ManCos which delegate portfolio management to another company in their group are typically subsidiary companies within the wider investment management business of a group and the ManCo directors may be employees of the portfolio manager or directors of the parent company.  The ManCo and its parent’s commercial object is to maximise revenues/profits from operating an asset management business, while fund investors’ interest is to get the maximum risk-adjusted return possible.  The FCA’s findings show that the boards of ManCos in this business model may not always take action in the interests of investors, where to do so might go against the group’s wider commercial interests.

Where firms act as ManCo on a “host platform” basis, delegating portfolio management to a third party, the issue is that, in commercial terms, the portfolio manager may see itself as the principal and the ManCo as its agent, providing it with the service of operating funds.  Although the portfolio manager is appointed as the delegate of the ManCo, in practice it is the portfolio manager that decides on the selection and ongoing  relationship with the ManCo it wishes to use to run its fund.  This may result in similar competing interests to the in-house ManCo model.

What are the FCA’s proposed remedies?

Independent Directors

The FCA proposes to require ManCos to appoint independent directors to provide an independent view and challenge to the deliberations of the board. Under the proposed rules, 25% (and in any event at least two members) of a ManCo’s board must be made up of independent directors. The appointment of independent directors will be subject to certain term limits and candidates will need to meet certain eligibility requirements as to their independence from the ManCo in question.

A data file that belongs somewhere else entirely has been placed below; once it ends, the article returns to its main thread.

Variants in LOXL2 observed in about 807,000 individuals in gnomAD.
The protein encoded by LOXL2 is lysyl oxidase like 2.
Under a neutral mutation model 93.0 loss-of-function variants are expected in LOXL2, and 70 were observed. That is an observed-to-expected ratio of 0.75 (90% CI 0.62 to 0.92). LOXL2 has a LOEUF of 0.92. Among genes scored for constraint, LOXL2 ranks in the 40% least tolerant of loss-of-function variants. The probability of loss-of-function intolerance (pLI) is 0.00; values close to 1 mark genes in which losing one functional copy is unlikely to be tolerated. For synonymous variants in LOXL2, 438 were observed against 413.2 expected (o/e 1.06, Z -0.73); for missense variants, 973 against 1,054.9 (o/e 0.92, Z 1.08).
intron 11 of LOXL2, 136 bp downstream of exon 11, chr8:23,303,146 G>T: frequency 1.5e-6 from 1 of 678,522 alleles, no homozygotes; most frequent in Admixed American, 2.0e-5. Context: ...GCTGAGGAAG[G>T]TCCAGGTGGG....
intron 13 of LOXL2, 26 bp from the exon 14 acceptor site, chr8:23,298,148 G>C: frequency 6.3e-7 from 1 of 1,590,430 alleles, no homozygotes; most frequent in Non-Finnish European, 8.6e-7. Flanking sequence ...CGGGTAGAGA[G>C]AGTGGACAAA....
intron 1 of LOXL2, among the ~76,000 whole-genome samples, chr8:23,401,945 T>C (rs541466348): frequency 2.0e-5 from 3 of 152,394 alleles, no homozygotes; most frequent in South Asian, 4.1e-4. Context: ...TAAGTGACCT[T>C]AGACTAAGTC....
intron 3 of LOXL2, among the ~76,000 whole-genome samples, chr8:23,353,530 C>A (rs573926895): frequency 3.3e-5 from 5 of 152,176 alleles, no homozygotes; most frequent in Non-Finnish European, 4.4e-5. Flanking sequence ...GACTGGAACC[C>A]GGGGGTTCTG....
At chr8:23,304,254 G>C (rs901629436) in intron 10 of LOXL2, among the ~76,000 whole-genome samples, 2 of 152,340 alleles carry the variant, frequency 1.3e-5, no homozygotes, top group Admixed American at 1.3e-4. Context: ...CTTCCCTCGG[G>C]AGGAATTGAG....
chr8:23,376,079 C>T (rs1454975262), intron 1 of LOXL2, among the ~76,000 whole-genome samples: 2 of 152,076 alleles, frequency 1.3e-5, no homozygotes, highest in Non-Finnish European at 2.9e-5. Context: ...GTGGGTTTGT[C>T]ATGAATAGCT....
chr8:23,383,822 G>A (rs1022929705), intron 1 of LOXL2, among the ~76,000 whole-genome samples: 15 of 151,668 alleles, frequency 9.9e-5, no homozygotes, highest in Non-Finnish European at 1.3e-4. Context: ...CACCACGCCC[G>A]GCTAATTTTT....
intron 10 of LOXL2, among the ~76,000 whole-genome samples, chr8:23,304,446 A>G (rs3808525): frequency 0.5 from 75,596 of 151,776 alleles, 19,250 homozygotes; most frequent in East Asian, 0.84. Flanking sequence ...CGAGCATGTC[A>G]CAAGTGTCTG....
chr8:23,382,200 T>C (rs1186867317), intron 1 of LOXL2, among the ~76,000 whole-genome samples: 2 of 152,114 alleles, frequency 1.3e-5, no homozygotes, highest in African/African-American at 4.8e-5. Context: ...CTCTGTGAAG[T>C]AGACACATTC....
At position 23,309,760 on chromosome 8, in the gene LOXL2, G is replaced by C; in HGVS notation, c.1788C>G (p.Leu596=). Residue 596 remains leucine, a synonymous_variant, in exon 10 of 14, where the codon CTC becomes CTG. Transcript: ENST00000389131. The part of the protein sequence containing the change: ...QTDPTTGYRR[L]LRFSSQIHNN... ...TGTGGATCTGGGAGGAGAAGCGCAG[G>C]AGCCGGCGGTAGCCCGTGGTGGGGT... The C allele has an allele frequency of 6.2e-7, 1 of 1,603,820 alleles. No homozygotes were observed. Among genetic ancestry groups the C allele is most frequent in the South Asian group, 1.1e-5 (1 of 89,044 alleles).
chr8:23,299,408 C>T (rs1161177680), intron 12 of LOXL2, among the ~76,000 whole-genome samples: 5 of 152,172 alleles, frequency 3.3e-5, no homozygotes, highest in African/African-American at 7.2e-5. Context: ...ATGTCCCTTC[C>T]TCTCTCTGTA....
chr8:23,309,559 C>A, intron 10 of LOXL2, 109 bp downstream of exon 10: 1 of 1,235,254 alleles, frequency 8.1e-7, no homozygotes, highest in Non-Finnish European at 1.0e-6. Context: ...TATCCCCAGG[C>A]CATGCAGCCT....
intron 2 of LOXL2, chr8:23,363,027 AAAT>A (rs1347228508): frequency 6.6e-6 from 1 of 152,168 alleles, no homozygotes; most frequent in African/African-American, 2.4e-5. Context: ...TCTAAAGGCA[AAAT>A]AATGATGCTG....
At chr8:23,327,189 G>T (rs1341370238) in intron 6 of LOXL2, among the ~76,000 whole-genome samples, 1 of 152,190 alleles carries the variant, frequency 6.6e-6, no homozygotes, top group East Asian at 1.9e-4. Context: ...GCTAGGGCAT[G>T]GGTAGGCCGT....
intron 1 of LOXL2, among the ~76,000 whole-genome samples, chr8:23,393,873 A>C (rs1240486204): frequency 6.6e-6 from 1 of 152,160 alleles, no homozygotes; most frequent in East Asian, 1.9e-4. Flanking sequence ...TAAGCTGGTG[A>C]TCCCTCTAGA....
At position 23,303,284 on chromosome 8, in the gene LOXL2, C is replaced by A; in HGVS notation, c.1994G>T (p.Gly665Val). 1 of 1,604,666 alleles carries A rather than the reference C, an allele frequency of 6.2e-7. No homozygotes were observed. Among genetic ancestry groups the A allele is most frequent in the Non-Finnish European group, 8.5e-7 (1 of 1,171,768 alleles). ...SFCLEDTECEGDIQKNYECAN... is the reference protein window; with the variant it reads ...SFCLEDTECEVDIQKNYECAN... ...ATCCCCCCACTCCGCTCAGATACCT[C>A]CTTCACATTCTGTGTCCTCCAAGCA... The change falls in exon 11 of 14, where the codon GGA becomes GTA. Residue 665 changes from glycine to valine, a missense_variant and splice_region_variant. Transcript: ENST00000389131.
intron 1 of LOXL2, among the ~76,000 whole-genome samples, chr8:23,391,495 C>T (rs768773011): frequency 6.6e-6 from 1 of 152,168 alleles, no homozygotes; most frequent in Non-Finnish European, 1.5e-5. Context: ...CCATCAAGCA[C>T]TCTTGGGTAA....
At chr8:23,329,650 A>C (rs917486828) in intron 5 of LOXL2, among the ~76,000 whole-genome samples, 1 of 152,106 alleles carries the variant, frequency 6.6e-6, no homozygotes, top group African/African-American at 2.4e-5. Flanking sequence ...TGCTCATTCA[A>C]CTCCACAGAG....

Senior Managers & Certification Regime (“SMCR”)

The FCA will consult later this year on the extension of the SMCR to asset management firms. With this in mind it has proposed a new specific “Prescribed Responsibility” (“PR”) under the SMCR that will require a ManCo’s senior managers to ensure that the ManCo complies with the obligation to act in the best interests of investors (which is already an obligation for UCITS ManCos and AIFMs), including an assessment of value for money as set out below. Senior managers are personally responsible for PRs under the SMCR, and as such by taking this approach the FCA is seeking to apply pressure to ManCos’ senior management to ensure that the FCA’s objectives in this area are delivered.

Value for money

The FCA’s proposals include rules requiring ManCos to assess whether value for money has been provided to fund investors. A report will need to be published on the ManCos’ findings at least annually; and this report will need to include the actions they have taken or will take to discharge their obligations. The assessment must include whether economies of scale are being passed on to investors (with an explanation required where savings are not being passed on), whether charges are reasonable in comparison to the costs incurred and whether the share classes available to investors offer value for money. The FCA’s expectation is that “fees and charges will drop considerably” as a result of these value for money assessments, although it remains to be seen whether this will be borne out in practice.